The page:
This paper introduces and explores the concept of forum delegation: the power of government officials to suggest which forums to allow speakers to use. The concept is born out of a recent legal battle between the University of Minnesota and conservative speaker Ben Shapiro, in which the UMN required Shapiro to speak in a venue away from the heart of campus due to concerns over the school’s ability to provide adequate security for the event. The paper first analyzes the UMN case to assess the constitutionality of forum delegation in the context of regulating speech and public universities. Next, it applies Robert Post’s theory of constitutional domains to transpose forum delegation from the public university context to situations in which cities must deal with controversial speakers. The goal in explicating the concept of forum delegation within this latter context to is give cities a tool in which to constitutionally balance the interests of speakers, audience members, public safety concerns, and efficient resource management. Such a tool can be especially helpful at a time when provocateurs have sought to weaponize the First Amendment through politicizing and polarizing free speech principles.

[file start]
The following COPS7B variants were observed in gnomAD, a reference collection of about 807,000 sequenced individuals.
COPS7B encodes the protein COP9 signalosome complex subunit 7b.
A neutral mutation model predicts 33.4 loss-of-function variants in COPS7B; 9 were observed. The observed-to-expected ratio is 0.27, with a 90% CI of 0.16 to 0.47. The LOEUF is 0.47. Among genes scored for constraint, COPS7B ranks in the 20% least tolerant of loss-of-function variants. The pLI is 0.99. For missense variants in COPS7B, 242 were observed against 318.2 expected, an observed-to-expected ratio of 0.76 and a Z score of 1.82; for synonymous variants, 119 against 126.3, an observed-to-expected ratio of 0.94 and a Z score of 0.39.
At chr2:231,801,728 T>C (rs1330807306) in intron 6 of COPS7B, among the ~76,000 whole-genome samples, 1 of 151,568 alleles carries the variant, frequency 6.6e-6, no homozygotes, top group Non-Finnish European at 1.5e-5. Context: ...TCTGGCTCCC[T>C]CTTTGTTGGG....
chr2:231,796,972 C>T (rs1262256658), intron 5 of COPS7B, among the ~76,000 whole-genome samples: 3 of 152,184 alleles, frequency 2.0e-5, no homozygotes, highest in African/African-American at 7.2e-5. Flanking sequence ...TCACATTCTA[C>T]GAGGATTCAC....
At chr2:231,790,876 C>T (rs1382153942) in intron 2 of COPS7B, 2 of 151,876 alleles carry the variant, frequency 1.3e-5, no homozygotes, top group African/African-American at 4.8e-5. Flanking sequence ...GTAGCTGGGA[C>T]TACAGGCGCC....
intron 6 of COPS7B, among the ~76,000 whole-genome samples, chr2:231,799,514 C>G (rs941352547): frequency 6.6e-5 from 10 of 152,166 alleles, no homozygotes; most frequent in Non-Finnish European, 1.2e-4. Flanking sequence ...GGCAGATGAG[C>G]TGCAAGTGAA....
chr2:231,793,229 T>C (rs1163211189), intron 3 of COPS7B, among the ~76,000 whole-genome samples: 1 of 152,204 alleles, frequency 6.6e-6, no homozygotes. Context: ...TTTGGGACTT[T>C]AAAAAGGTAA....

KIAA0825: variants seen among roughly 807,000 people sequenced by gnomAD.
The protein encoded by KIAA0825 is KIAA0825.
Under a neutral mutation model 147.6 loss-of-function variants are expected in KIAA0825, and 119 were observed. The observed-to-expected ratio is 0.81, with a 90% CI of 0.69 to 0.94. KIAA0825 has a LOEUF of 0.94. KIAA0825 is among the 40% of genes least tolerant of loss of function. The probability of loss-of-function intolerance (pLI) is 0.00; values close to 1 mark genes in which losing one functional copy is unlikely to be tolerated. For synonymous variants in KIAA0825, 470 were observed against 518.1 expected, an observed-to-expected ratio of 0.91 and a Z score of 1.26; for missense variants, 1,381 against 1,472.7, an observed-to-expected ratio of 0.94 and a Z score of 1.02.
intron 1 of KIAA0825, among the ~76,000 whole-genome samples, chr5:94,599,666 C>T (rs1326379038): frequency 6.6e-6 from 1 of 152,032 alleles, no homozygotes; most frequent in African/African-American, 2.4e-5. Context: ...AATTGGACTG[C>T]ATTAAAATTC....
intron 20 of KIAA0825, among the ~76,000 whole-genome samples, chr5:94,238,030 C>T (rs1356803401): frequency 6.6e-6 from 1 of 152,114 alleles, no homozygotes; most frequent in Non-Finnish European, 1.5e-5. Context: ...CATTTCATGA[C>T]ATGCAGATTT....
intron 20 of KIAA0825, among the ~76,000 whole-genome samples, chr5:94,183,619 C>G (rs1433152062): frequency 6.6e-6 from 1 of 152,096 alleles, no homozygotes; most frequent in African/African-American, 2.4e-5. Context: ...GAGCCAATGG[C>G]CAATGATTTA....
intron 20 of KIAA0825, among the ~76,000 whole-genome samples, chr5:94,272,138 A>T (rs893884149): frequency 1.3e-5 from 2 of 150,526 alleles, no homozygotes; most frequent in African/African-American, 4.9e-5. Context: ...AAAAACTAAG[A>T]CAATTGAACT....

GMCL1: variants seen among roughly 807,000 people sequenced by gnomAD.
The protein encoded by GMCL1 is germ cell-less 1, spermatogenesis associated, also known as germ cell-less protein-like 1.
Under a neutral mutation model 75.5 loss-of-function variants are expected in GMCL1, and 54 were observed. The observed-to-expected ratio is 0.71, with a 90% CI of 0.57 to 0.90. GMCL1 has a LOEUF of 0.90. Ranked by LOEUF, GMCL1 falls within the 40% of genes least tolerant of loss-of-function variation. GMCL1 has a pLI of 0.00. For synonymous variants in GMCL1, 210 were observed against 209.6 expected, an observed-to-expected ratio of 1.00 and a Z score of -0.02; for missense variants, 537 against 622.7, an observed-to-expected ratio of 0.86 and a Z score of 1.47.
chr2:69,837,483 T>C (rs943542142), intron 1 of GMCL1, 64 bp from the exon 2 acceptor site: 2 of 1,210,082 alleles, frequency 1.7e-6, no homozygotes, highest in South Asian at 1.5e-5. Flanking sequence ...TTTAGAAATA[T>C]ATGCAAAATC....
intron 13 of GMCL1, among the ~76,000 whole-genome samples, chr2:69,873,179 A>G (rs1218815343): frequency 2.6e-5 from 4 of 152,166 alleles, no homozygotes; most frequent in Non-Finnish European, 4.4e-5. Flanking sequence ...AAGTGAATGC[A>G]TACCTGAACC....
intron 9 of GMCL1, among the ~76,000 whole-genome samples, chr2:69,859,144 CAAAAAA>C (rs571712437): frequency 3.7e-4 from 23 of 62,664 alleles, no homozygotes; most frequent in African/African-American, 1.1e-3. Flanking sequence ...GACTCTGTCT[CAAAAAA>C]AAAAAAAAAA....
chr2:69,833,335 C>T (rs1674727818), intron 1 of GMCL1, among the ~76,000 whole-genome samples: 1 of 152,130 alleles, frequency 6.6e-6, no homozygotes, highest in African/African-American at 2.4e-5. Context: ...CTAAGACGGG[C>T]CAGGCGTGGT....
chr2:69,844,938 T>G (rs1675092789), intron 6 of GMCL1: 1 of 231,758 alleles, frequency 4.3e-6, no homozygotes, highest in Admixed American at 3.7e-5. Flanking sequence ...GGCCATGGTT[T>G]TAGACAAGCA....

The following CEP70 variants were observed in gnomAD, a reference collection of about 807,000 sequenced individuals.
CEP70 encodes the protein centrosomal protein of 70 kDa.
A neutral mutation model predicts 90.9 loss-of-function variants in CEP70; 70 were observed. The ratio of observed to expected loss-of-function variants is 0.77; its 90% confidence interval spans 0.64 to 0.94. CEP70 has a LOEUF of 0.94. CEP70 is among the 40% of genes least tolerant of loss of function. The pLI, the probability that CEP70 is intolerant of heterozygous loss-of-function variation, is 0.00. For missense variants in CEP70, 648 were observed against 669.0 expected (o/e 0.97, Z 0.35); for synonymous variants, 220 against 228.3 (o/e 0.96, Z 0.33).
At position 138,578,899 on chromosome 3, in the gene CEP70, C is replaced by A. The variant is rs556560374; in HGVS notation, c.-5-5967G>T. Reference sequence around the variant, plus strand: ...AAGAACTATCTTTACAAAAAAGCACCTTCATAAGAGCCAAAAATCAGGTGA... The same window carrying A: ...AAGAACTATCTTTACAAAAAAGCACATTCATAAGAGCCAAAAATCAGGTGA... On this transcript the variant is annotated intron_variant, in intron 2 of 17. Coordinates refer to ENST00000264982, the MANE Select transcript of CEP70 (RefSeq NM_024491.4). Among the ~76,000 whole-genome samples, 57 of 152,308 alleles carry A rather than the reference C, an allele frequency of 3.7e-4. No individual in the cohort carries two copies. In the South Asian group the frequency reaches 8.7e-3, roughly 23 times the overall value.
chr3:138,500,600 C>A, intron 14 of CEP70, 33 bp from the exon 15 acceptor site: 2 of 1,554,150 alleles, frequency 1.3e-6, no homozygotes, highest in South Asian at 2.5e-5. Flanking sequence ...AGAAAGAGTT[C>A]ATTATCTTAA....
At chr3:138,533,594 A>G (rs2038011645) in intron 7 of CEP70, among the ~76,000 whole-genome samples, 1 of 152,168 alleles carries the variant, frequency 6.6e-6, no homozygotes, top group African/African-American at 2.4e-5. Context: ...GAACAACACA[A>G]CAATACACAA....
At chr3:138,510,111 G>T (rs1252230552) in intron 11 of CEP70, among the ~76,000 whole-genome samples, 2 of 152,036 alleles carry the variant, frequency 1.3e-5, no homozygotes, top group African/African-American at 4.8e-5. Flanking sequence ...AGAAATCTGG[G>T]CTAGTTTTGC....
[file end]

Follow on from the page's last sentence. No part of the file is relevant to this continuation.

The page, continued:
Brett Johnson and Shane C. Epping,
Forum Delegation: The Birth and Transposition of a New Approach to Public Forum Doctrine,
42 Hastings Comm. & Ent. L.J. 77
Available at: https://repository.uclawsf.edu/hastings_comm_ent_law_journal/vol42/iss1/5